Over 97% of Romanians are asking to be informed about their personal data

The Romanian Association of Privacy and Data Protection Specialists (ASCPD) launched in 2019, the first research study which aims to evaluate the awareness among private individuals about the importance of their personal data. Among the conclusions we note the idea that the Romanian people understood how important their personal data and their rights are, increasing the pressure on companies and public institutions. We must keep in mind that most data operators in Romania attempted to comply with the GDPR principles only at a formal level and they may face a wave of lawsuits in the future. A national and unified public interest message is needed to remind operators and individuals the importance of personal data.

Key words: awareness, data value, formal compliance, data protection officer, professional challenges

Romanian study group description:

• 1191 respondents from 06.02.2019 to 28.02.2019

• 59.4% female and 40.6% male

• 57.7% between the ages of 30 and 50 years old, 28% ages between 18 and 30 years old and 14.4% over 50 years old.

• Education level (40.4% college, 23.2% college post-graduate studies, 21.3% high school, 10.5% high school post-studies and 4.5% primary education)

• 83.8% with urban residence and 16.2% with rural residence

• With stable residence in all 42 counties of Romania

The context and premise from which the development of this ASCPD study has been initiated:

• Since May 25, 2016 EU Regulation 2016/679, known as the General Data Protection Regulation (GDPR), basically states that the information held by a company or institution about private individuals are personal data and cannot move freely and unconditionally. These data must be protected, and the responsibility for their protection lies entirely with the data controllers.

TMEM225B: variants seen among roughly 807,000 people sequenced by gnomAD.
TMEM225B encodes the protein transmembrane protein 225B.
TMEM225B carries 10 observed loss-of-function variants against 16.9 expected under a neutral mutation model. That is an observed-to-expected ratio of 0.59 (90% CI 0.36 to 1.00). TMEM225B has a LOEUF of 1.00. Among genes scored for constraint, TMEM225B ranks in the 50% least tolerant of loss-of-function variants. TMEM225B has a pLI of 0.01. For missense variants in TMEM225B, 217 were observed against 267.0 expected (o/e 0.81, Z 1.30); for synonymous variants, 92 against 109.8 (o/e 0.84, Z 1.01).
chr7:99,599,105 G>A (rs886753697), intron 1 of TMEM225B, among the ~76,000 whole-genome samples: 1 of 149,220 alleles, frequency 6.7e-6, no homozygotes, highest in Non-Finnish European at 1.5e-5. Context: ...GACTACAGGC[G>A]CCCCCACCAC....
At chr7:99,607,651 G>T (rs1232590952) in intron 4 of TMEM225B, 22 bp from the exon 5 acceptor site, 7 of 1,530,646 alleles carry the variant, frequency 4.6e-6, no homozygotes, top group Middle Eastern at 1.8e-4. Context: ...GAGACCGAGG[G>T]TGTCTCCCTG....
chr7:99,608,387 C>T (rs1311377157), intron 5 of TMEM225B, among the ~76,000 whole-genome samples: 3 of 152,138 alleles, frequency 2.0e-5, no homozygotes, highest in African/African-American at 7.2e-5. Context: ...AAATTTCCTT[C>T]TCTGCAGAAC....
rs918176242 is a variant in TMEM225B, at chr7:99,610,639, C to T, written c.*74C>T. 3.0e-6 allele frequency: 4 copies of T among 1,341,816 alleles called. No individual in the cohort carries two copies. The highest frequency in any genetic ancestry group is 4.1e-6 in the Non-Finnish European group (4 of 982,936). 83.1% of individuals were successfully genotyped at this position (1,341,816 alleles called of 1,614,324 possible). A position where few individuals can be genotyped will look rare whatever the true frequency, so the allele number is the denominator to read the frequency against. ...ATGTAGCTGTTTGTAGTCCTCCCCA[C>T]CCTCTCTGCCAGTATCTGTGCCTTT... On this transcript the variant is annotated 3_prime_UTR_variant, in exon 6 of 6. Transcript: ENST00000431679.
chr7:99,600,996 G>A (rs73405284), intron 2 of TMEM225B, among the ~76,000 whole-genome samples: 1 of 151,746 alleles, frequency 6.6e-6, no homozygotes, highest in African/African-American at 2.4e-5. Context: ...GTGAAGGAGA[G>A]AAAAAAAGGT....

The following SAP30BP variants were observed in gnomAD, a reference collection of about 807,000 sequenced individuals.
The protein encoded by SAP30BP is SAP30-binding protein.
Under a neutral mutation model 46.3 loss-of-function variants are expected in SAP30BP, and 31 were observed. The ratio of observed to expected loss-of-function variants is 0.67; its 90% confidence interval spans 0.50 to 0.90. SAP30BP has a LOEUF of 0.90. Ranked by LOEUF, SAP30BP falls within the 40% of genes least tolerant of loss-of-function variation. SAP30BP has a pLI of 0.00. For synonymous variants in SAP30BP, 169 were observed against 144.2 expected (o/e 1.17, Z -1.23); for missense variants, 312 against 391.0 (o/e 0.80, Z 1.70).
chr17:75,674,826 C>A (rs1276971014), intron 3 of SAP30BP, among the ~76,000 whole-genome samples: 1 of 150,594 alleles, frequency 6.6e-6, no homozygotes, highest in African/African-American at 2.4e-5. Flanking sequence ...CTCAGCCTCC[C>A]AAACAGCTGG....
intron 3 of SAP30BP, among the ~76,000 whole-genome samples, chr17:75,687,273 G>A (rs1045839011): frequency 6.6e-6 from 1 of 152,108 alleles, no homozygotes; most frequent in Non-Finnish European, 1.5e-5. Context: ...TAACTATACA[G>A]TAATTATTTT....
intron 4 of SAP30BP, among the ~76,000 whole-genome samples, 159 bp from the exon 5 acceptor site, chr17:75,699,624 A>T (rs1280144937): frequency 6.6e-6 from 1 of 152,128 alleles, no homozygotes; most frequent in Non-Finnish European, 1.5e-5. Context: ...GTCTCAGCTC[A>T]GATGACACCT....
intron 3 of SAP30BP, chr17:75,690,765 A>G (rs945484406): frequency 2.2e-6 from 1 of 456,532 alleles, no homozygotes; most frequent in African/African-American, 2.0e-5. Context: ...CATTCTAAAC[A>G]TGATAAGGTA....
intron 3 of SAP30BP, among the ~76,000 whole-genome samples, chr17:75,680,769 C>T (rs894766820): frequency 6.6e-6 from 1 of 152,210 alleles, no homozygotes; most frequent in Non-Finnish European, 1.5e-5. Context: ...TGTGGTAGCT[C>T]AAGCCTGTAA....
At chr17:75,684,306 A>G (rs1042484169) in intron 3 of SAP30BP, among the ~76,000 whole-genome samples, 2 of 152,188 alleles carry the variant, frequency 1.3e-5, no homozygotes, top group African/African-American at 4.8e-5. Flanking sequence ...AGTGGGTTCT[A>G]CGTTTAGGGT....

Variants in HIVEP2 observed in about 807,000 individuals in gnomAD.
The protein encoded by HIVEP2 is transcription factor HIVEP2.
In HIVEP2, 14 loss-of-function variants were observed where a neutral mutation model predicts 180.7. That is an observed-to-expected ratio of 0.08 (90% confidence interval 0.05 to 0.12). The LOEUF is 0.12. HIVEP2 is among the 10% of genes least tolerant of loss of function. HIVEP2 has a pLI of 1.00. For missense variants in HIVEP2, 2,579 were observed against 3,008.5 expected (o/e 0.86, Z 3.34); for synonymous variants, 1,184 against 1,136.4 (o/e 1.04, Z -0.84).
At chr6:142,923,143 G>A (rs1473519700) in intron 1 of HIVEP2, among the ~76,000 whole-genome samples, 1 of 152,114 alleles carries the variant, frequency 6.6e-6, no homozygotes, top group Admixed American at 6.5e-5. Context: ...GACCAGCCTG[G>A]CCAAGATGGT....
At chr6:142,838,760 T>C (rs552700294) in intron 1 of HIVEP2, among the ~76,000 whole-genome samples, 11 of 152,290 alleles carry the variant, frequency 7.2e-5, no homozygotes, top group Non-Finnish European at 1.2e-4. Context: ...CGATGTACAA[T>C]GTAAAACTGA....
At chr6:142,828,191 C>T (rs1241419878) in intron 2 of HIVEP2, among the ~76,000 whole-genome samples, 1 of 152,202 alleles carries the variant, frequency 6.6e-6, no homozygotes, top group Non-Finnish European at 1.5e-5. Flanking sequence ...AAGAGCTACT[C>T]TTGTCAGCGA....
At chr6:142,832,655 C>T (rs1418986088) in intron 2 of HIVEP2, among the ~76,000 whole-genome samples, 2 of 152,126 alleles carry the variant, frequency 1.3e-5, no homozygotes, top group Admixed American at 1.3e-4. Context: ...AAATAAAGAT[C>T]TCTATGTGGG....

• The General Data Protection Regulation is very strict and provides severe sanctions for any deviations. Experts say that GDPR Regulation introduces a real revolution in this field in terms of impact, by a smooth functioning of all small and large business, from Europe and beyond.

• The General Data Protection Regulation virtually applies to any business regardless of the activity field, the concept of “personal data” becoming  so wide that any company working with such data – whether it’s employee’s, client’s or patient’s personal data – instantly becomes a subject of the GDPR Regulation.

•The European Union’s grace term for compliance with the stated principles and the explicit obligations has been complied with only by a small percentage of Romanian operators, many institutions trying to find a formal solution while motivating the lack of a budget to justify the rapid selections for mandatory trainings and nomination of the Data Protection Officers.

• The lack of education of people and specialized personnel and awareness of the importance of personal data, can also be explained by the lack of an impact information campaign that aims to increase the knowledge of all individuals on identifying personal data and how to protect it, implicitly and instinctively.